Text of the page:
Five free apps for encrypting email
There are those that claim encryption is dead. Not so, says many small and medium sized businesses across the globe. There are plenty of reasons why you might need to encrypt an outgoing email – just as many reasons as there are ways. Whether you are using an email client or a web-based email solution, you can encrypt your email. I have searched for some of the easier (and free) means to successfully get those outgoing emails wrapped in a warm blanket of secrecy.
With the exception of one, these tools serve a singular purpose - to encrypt email messages. Each of them offers a fairly straight-forward learning curve that anyone should be able to get up to speed with quickly. That said, let's dive in and see what each of these tools can do for your encryption needs.
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A Thunderbird plugin makes sense, a Gmail extension does not.
https transmissions aren't secure if the handshakes can be intercepted.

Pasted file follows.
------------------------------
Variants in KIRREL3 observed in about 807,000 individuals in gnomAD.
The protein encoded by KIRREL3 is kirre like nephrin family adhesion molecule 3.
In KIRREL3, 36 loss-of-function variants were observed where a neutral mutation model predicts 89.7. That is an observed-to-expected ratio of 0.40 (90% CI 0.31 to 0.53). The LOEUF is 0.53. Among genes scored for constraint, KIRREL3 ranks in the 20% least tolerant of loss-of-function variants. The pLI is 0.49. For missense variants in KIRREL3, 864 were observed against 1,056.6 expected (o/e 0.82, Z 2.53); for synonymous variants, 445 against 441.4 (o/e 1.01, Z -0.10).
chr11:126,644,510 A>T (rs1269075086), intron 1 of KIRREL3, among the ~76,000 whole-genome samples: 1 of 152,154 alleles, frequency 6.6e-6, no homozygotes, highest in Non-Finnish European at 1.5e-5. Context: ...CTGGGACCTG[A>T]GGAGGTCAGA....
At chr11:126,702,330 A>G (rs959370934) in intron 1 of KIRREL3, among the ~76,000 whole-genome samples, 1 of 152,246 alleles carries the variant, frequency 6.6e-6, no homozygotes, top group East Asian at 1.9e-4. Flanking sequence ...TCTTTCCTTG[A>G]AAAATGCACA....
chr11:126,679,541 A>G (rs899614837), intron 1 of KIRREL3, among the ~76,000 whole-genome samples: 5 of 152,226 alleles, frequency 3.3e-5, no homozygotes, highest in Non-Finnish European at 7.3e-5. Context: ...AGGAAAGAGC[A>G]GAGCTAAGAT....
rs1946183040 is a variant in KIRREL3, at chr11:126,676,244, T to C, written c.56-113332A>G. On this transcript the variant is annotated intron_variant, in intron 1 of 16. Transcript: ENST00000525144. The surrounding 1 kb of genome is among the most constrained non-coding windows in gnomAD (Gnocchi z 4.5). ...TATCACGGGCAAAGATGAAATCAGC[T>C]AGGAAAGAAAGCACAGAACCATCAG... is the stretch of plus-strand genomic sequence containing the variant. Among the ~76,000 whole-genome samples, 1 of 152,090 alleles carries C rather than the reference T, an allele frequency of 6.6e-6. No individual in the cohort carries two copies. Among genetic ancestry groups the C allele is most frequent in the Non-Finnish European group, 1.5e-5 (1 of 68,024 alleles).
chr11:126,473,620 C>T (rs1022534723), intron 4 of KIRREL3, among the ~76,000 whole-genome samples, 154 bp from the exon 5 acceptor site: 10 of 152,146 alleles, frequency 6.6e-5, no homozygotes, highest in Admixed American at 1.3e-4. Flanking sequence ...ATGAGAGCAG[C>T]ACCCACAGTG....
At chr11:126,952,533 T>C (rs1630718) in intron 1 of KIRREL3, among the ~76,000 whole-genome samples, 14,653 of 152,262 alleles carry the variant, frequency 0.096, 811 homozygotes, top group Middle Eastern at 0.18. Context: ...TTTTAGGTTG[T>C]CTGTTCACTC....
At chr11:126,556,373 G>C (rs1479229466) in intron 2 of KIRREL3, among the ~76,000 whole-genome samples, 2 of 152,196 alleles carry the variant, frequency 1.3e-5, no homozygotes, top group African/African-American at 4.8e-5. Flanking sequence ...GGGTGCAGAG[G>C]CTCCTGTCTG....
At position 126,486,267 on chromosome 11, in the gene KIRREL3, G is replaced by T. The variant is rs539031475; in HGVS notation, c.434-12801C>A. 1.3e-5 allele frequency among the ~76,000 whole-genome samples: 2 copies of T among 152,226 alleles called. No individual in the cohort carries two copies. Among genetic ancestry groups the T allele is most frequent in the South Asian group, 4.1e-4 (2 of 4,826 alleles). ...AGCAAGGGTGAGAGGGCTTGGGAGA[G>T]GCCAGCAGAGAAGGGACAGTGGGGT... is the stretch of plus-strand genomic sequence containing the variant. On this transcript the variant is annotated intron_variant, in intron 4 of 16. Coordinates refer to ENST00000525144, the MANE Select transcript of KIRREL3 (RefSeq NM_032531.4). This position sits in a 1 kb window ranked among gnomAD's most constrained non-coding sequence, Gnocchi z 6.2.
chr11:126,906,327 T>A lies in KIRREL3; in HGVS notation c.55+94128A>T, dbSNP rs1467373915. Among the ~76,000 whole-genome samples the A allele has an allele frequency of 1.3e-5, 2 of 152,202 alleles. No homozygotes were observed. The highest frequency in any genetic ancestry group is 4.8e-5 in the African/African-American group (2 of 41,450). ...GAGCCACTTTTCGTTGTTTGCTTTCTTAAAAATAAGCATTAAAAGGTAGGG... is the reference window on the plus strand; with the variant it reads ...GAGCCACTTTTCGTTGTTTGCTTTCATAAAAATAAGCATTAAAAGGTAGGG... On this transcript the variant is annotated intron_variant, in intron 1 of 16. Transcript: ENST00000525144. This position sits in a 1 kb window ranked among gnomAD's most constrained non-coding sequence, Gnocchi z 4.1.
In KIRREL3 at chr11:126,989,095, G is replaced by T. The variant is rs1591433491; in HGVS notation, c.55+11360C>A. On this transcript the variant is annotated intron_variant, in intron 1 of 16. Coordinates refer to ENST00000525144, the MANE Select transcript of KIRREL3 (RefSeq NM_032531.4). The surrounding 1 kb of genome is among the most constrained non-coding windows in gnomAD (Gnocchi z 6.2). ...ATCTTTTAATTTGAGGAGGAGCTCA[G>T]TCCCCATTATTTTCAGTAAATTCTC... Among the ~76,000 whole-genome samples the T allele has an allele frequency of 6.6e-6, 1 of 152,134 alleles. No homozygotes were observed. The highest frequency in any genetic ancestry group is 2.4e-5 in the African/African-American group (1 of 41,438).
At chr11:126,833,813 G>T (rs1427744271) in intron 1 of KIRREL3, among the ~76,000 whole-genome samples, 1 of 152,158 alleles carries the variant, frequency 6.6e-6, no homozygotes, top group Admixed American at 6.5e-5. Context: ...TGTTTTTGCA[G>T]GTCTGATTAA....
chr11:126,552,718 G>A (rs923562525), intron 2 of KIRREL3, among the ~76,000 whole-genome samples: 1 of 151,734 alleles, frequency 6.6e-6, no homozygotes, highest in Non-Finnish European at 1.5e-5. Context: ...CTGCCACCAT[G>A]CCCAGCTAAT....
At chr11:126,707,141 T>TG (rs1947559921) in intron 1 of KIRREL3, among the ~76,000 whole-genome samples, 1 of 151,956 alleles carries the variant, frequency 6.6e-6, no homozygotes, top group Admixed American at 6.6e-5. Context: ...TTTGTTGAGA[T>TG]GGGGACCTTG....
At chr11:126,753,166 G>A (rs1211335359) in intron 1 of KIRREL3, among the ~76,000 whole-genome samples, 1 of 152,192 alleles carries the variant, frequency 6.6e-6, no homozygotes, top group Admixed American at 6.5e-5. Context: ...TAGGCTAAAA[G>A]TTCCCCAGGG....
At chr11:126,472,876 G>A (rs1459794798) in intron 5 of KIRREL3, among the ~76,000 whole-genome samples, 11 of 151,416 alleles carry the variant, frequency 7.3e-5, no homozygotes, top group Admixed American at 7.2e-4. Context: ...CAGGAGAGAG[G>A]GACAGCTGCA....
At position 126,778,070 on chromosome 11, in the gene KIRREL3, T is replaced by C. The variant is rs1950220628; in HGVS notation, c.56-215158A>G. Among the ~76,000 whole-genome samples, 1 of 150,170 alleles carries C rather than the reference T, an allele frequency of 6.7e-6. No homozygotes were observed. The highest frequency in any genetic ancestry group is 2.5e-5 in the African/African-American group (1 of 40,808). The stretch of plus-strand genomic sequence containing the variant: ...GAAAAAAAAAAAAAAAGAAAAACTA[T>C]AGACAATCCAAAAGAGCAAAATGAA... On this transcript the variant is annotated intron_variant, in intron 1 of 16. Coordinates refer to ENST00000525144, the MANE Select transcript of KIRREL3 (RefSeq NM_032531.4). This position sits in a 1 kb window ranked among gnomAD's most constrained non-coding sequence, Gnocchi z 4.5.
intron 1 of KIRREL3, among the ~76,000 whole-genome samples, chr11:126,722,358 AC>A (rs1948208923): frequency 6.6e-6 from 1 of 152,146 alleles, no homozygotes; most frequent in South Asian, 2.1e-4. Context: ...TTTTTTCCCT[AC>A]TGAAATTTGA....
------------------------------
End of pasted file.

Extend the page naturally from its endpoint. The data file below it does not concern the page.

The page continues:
Encryption isn't of much value if you do the encrypting online. If the original document must be composed or translated online, it is vulnerable in its plain text form -online.
If keys are created online, they are vulnerable in two ways. Their implementation of algorithms probably have master keys. If the created keys are in displayed in plain text form , since the mac address of the end device can be easily determined, the key and sender are known.
When it comes to information security: good, easy, inexpensive, pick any one.
Don't forget GPG Tools for those using Apple's Mail program on their Macs. There is a slight learning curve, but the installation finishes by opening a step by step tutorial to walk you through it. I set it up so I could send emails at work without being allowing the SysAdmin, or any random school board member to read them (I work in a public school). It is easy enough for anyone to learn once installed ("honey, click this button when you send me an email") and is secure enough for anything short of state secrets.
@psengr_techrep Not so. GMail can be encrypted client-side before it's sent to Google. You aren't encrypting "online" you are encrypting in your browser locally.
I also disagree that you are limited to one of good, easy and inexpensive. Good algorithms exist and are free, making encryption easy and inexpensive.